2016

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A Universal Framework for Inductive Transfer Parsing across Multi-typed Treebanks
Jiang Guo | Wanxiang Che | Haifeng Wang | Ting Liu
Proceedings of COLING 2016, the 26th International Conference on Computational Linguistics: Technical Papers

Various treebanks have been released for dependency parsing. Despite that treebanks may belong to different languages or have different annotation schemes, they contain common syntactic knowledge that is potential to benefit each other. This paper presents a universal framework for transfer parsing across multi-typed treebanks with deep multi-task learning. We consider two kinds of treebanks as source: the multilingual universal treebanks and the monolingual heterogeneous treebanks. Knowledge across the source and target treebanks are effectively transferred through multi-level parameter sharing. Experiments on several benchmark datasets in various languages demonstrate that our approach can make effective use of arbitrary source treebanks to improve target parsing models.

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A Unified Architecture for Semantic Role Labeling and Relation Classification
Jiang Guo | Wanxiang Che | Haifeng Wang | Ting Liu | Jun Xu
Proceedings of COLING 2016, the 26th International Conference on Computational Linguistics: Technical Papers

This paper describes a unified neural architecture for identifying and classifying multi-typed semantic relations between words in a sentence. We investigate two typical and well-studied tasks: semantic role labeling (SRL) which identifies the relations between predicates and arguments, and relation classification (RC) which focuses on the relation between two entities or nominals. While mostly studied separately in prior work, we show that the two tasks can be effectively connected and modeled using a general architecture. Experiments on CoNLL-2009 benchmark datasets show that our SRL models significantly outperform state-of-the-art approaches. Our RC models also yield competitive performance with the best published records. Furthermore, we show that the two tasks can be trained jointly with multi-task learning, resulting in additive significant improvements for SRL.

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Chinese Grammatical Error Diagnosis with Long Short-Term Memory Networks
Bo Zheng | Wanxiang Che | Jiang Guo | Ting Liu
Proceedings of the 3rd Workshop on Natural Language Processing Techniques for Educational Applications (NLPTEA2016)

Grammatical error diagnosis is an important task in natural language processing. This paper introduces our Chinese Grammatical Error Diagnosis (CGED) system in the NLP-TEA-3 shared task for CGED. The CGED system can diagnose four types of grammatical errors which are redundant words (R), missing words (M), bad word selection (S) and disordered words (W). We treat the CGED task as a sequence labeling task and describe three models, including a CRF-based model, an LSTM-based model and an ensemble model using stacking. We also show in details how we build and train the models. Evaluation includes three levels, which are detection level, identification level and position level. On the CGED-HSK dataset of NLP-TEA-3 shared task, our system presents the best F1-scores in all the three levels and also the best recall in the last two levels.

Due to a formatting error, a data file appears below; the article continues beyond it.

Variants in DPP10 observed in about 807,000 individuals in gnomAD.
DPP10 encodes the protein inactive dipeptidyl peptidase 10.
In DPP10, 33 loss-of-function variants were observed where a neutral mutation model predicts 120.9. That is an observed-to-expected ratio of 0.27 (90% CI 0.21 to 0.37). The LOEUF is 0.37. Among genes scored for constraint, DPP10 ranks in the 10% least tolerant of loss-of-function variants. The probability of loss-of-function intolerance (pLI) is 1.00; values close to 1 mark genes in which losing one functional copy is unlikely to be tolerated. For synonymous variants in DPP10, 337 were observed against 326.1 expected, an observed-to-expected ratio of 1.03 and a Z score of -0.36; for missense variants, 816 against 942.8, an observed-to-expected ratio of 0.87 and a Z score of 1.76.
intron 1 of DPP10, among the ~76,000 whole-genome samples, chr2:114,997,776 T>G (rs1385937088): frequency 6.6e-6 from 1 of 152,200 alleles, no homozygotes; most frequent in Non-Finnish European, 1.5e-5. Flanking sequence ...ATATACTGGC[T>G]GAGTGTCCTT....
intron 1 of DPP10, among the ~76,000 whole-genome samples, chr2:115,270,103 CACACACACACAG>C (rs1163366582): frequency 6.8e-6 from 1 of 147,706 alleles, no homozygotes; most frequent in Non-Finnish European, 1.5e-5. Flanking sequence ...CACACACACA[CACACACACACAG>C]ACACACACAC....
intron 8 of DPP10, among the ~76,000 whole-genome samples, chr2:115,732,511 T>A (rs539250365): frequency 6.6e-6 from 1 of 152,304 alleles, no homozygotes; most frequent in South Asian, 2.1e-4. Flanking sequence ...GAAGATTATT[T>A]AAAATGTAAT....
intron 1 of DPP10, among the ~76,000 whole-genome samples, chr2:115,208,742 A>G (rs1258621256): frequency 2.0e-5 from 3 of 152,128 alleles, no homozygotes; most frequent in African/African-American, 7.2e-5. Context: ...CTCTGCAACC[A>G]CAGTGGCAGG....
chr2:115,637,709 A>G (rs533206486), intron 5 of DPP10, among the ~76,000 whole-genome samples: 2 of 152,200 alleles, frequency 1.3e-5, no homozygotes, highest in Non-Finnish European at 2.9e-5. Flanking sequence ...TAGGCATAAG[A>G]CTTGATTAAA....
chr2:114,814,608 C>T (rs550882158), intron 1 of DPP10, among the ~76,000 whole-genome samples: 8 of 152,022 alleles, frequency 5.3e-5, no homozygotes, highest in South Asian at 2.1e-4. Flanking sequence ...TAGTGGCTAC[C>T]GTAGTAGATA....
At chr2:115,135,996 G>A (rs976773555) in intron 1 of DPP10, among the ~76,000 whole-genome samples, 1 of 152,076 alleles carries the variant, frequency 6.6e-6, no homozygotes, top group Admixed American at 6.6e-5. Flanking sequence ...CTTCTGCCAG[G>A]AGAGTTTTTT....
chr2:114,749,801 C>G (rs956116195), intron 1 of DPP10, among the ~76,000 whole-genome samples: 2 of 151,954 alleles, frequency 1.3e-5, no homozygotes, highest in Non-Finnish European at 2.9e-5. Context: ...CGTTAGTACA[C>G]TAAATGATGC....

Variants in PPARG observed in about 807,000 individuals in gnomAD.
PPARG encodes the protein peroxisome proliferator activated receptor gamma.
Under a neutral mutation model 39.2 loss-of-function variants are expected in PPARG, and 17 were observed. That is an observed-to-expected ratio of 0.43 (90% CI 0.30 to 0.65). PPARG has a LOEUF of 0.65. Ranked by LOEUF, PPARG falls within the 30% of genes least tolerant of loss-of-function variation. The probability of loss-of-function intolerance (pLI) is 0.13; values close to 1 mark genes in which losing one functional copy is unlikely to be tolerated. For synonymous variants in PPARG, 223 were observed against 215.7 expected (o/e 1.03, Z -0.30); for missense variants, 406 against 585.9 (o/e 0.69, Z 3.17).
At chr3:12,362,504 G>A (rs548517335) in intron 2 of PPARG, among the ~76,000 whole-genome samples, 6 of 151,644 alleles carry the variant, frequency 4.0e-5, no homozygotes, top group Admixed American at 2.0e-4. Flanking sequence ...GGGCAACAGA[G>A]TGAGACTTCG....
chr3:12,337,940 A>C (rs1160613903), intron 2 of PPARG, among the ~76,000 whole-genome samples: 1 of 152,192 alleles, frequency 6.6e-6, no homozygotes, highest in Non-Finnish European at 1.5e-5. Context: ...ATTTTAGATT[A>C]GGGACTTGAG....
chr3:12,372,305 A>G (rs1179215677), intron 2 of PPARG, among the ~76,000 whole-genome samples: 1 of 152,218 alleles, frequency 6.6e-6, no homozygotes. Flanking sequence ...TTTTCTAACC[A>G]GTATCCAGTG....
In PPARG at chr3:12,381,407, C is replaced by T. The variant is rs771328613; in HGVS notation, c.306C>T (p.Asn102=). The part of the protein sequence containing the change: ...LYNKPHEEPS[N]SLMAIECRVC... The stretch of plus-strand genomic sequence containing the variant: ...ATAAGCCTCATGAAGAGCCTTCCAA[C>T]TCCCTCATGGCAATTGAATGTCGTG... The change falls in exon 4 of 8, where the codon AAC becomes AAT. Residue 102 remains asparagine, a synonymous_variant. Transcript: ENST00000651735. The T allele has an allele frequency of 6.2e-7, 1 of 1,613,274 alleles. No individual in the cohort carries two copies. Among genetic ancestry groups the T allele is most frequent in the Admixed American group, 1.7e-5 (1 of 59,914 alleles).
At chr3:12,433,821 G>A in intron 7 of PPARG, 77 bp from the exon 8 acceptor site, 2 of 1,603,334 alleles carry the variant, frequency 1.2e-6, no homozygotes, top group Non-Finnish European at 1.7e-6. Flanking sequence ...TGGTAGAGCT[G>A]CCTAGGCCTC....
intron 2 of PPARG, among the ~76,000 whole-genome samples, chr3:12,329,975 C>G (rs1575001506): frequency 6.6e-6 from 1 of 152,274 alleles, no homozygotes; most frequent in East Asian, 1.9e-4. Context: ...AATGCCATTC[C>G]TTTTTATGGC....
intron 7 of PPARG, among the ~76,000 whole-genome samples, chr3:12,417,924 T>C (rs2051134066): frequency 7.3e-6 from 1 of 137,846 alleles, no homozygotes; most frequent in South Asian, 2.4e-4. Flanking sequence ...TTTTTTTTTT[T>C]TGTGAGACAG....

2015

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Cross-lingual Dependency Parsing Based on Distributed Representations
Jiang Guo | Wanxiang Che | David Yarowsky | Haifeng Wang | Ting Liu
Proceedings of the 53rd Annual Meeting of the Association for Computational Linguistics and the 7th International Joint Conference on Natural Language Processing (Volume 1: Long Papers)

2014

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Learning Semantic Hierarchies via Word Embeddings
Ruiji Fu | Jiang Guo | Bing Qin | Wanxiang Che | Haifeng Wang | Ting Liu
Proceedings of the 52nd Annual Meeting of the Association for Computational Linguistics (Volume 1: Long Papers)

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Learning Sense-specific Word Embeddings By Exploiting Bilingual Resources
Jiang Guo | Wanxiang Che | Haifeng Wang | Ting Liu
Proceedings of COLING 2014, the 25th International Conference on Computational Linguistics: Technical Papers

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Revisiting Embedding Features for Simple Semi-supervised Learning
Jiang Guo | Wanxiang Che | Haifeng Wang | Ting Liu
Proceedings of the 2014 Conference on Empirical Methods in Natural Language Processing (EMNLP)

2010

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A domain adaption Word Segmenter For Sighan Backoff 2010
Jiang Guo | Wenjie Su | Yangsen Zhang
CIPS-SIGHAN Joint Conference on Chinese Language Processing